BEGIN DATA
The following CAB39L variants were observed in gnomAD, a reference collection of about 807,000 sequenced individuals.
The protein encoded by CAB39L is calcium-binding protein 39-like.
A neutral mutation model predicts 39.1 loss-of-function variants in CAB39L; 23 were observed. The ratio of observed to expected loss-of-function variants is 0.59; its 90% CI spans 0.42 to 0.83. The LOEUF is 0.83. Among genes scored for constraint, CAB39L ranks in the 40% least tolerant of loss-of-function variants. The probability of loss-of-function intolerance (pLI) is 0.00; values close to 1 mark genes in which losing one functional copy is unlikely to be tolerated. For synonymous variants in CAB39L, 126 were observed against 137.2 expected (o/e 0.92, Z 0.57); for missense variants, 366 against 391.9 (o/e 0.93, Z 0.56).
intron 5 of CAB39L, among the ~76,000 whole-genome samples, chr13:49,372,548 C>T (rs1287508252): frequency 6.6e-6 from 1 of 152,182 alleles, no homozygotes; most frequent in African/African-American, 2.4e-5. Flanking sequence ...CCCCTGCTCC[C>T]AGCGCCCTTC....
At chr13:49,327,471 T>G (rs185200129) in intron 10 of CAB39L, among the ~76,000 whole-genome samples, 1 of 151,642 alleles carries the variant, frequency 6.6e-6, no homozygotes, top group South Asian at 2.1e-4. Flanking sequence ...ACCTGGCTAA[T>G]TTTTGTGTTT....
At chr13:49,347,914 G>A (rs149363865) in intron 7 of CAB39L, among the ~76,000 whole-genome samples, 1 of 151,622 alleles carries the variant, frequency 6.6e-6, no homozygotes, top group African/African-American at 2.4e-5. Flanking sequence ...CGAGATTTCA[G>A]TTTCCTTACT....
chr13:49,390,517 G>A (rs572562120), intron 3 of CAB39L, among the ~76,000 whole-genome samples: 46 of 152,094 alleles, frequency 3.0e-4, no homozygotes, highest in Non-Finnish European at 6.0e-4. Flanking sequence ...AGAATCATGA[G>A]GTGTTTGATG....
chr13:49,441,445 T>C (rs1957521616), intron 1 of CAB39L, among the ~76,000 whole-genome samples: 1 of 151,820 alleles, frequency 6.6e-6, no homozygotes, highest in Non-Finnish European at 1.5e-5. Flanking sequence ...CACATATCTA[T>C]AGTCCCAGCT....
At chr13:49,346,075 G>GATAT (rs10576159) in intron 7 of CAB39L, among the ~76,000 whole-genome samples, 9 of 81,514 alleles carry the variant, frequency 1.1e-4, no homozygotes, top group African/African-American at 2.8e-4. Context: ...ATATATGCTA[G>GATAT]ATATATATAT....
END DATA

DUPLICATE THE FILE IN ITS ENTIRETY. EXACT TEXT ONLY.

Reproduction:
The following CAB39L variants were observed in gnomAD, a reference collection of about 807,000 sequenced individuals.
The protein encoded by CAB39L is calcium-binding protein 39-like.
A neutral mutation model predicts 39.1 loss-of-function variants in CAB39L; 23 were observed. The ratio of observed to expected loss-of-function variants is 0.59; its 90% CI spans 0.42 to 0.83. The LOEUF is 0.83. Among genes scored for constraint, CAB39L ranks in the 40% least tolerant of loss-of-function variants. The probability of loss-of-function intolerance (pLI) is 0.00; values close to 1 mark genes in which losing one functional copy is unlikely to be tolerated. For synonymous variants in CAB39L, 126 were observed against 137.2 expected (o/e 0.92, Z 0.57); for missense variants, 366 against 391.9 (o/e 0.93, Z 0.56).
intron 5 of CAB39L, among the ~76,000 whole-genome samples, chr13:49,372,548 C>T (rs1287508252): frequency 6.6e-6 from 1 of 152,182 alleles, no homozygotes; most frequent in African/African-American, 2.4e-5. Flanking sequence ...CCCCTGCTCC[C>T]AGCGCCCTTC....
At chr13:49,327,471 T>G (rs185200129) in intron 10 of CAB39L, among the ~76,000 whole-genome samples, 1 of 151,642 alleles carries the variant, frequency 6.6e-6, no homozygotes, top group South Asian at 2.1e-4. Flanking sequence ...ACCTGGCTAA[T>G]TTTTGTGTTT....
At chr13:49,347,914 G>A (rs149363865) in intron 7 of CAB39L, among the ~76,000 whole-genome samples, 1 of 151,622 alleles carries the variant, frequency 6.6e-6, no homozygotes, top group African/African-American at 2.4e-5. Flanking sequence ...CGAGATTTCA[G>A]TTTCCTTACT....
chr13:49,390,517 G>A (rs572562120), intron 3 of CAB39L, among the ~76,000 whole-genome samples: 46 of 152,094 alleles, frequency 3.0e-4, no homozygotes, highest in Non-Finnish European at 6.0e-4. Flanking sequence ...AGAATCATGA[G>A]GTGTTTGATG....
chr13:49,441,445 T>C (rs1957521616), intron 1 of CAB39L, among the ~76,000 whole-genome samples: 1 of 151,820 alleles, frequency 6.6e-6, no homozygotes, highest in Non-Finnish European at 1.5e-5. Flanking sequence ...CACATATCTA[T>C]AGTCCCAGCT....
At chr13:49,346,075 G>GATAT (rs10576159) in intron 7 of CAB39L, among the ~76,000 whole-genome samples, 9 of 81,514 alleles carry the variant, frequency 1.1e-4, no homozygotes, top group African/African-American at 2.8e-4. Context: ...ATATATGCTA[G>GATAT]ATATATATAT....